When Sanders did turn to the general election in his speech on Thursday, he began not with Clinton but with her opponent. “The major political task that we face in the next five months is to make certain that Donald Trump is defeated, and defeated badly,” Sanders said. “And I personally intend to begin my role in that process in a very short period of time.” This suggested that Sanders would pretty soon begin campaigning for Clinton. But what he said next gave a different impression. “Defeating Donald Trump cannot be our only goal,” Sanders went on. “We must continue our grass-roots efforts to create the America that we know we can become. And we must take that energy into the Democratic National Convention on July 25th, in Philadelphia, where we will have more than a thousand and nine hundred delegates.”

Finally, Sanders brought up Clinton—but not to concede defeat or congratulate her. Referring to his meeting with Clinton at the Capital Hilton, in Washington, on Tuesday night, Sanders said the two of them had discussed important issues facing the country and the Party. “It is no secret that Secretary Clinton and I have strong disagreements on some very important issues,” he said. “It is also true that our views are quite close on others. I look forward, in the coming weeks, to continued discussions between the two campaigns to make certain that your voices are heard and that the Democratic Party passes the most progressive platform in its history and that Democrats actually fight for that agenda. I also look forward to working with Secretary Clinton to transform the Democratic Party so that it becomes a party of working people and young people, and not just wealthy campaign contributors.”

This was fighting talk, and Sanders followed it up with a long series of policy demands, several of which Clinton has so far resisted despite her recent moves to the left. Sanders reiterated his calls for free tuition at public universities and colleges, a federal ban on fracking, a tax on carbon, and “modern-day Glass-Steagall legislation” to break up the big banks. While the Clinton campaign has indicated that it is willing to make some concessions on the Party platform, it seems unlikely that it would be willing to go as far as Sanders wants on these issues.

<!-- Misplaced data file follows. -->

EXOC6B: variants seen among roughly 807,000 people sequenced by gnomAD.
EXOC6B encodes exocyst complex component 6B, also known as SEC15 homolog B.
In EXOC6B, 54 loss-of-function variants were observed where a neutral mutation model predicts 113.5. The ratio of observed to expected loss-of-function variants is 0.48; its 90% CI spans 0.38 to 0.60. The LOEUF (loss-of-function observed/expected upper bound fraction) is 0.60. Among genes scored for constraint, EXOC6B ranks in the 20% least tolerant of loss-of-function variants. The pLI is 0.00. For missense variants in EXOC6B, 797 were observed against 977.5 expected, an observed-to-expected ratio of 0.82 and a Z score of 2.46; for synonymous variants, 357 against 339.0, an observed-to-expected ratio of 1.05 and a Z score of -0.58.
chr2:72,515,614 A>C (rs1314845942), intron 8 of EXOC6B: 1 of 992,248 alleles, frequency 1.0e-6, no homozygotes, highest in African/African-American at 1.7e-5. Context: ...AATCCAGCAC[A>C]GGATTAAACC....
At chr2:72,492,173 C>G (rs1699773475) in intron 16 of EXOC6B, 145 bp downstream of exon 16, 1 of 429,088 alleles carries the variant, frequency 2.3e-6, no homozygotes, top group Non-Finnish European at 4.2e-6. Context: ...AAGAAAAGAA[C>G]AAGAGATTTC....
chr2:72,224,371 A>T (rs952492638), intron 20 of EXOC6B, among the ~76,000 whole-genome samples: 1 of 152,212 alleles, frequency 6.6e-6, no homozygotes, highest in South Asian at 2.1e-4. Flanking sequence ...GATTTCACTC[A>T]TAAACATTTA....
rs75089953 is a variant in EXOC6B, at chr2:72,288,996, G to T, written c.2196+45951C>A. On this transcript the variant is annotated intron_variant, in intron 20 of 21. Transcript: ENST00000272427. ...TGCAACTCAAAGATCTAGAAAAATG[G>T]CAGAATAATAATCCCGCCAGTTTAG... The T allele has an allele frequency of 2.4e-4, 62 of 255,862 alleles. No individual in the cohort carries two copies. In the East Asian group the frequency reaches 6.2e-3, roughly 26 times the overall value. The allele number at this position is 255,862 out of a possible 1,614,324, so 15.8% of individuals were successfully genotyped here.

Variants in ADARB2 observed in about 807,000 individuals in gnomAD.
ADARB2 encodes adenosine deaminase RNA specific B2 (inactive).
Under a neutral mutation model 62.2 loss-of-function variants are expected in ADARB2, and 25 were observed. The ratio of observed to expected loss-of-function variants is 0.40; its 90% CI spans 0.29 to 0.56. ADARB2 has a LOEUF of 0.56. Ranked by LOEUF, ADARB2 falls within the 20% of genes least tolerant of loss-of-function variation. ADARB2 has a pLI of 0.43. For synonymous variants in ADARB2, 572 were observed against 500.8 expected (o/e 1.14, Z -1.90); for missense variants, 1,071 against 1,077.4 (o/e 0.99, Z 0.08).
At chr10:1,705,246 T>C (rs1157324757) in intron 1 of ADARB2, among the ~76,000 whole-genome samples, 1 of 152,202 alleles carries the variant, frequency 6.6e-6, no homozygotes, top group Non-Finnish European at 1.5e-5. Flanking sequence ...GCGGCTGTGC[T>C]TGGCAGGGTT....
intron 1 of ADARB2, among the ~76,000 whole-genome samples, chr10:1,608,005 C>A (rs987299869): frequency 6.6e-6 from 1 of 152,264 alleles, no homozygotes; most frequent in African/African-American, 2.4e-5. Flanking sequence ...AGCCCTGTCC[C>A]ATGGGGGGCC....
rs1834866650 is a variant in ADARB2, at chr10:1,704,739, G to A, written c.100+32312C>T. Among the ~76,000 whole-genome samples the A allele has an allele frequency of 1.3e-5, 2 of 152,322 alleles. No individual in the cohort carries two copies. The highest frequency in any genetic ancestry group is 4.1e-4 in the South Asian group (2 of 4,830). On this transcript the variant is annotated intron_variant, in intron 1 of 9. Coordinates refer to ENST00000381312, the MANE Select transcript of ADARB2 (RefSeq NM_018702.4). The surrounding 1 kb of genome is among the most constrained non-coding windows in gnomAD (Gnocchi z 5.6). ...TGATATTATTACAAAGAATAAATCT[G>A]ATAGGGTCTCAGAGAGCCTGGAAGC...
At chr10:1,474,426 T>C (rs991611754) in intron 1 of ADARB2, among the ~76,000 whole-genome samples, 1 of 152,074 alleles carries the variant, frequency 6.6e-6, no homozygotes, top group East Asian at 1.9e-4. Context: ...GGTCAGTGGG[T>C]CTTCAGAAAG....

The Sanders campaign is also pushing to reform the primary process. Sanders wants to get rid of superdelegates, end closed primaries, and allow same-day voter registration. Sanders didn’t spell out this agenda in his remarks. But, without mentioning any names, he still took the Democratic Party leadership to task, saying that it “has turned its back on dozens of states in this country and has allowed right-wing politicians to win elections in some states with virtually no opposition—including some of the poorest states in America.”

Sanders continued, “The Democratic Party needs leadership which is prepared to open its doors and welcome into its ranks working people and young people.” Only by doing this, he argued, could the Party hope to reverse the big losses it has sustained at the local level over the past decade. “State and local governments make enormously important decisions, and we cannot allow right-wing Republicans to increasingly control them,” he said. “I hope very much that many of you listening tonight are prepared to engage at that level.”

By this point in the speech, it was clear that Sanders wasn’t going to make any concessions himself. This wasn’t intended as a coming-together moment, or a finale. It was a strident re-declaration of the message that Sanders has been delivering for the past year and a half, and it ended on a note of optimism. “We have begun the long and arduous process of transforming America, a fight that will continue tomorrow, next week, next year, and into the future,” Sanders said. “My hope is that, when future historians look back and describe how our country moved forward into reversing the drift toward oligarchy, and created a government which represents all the people and not just the few, they will note that, to a significant degree, that effort began with the political revolution of 2016.”

The instant reaction to the speech was divided along predictable lines. Using the hashtag #OurRevolution, Sanders supporters celebrated his defiance and his ambition. “Loved tone of @BernieSanders speech,” Cenk Uygur, the host of The Young Turks online news show, tweeted. “We’re not fighting this campaign as much as fighting for #OurRevolution. A revolution can’t be suspended.” (Deleted Amanda Marcotte crap.)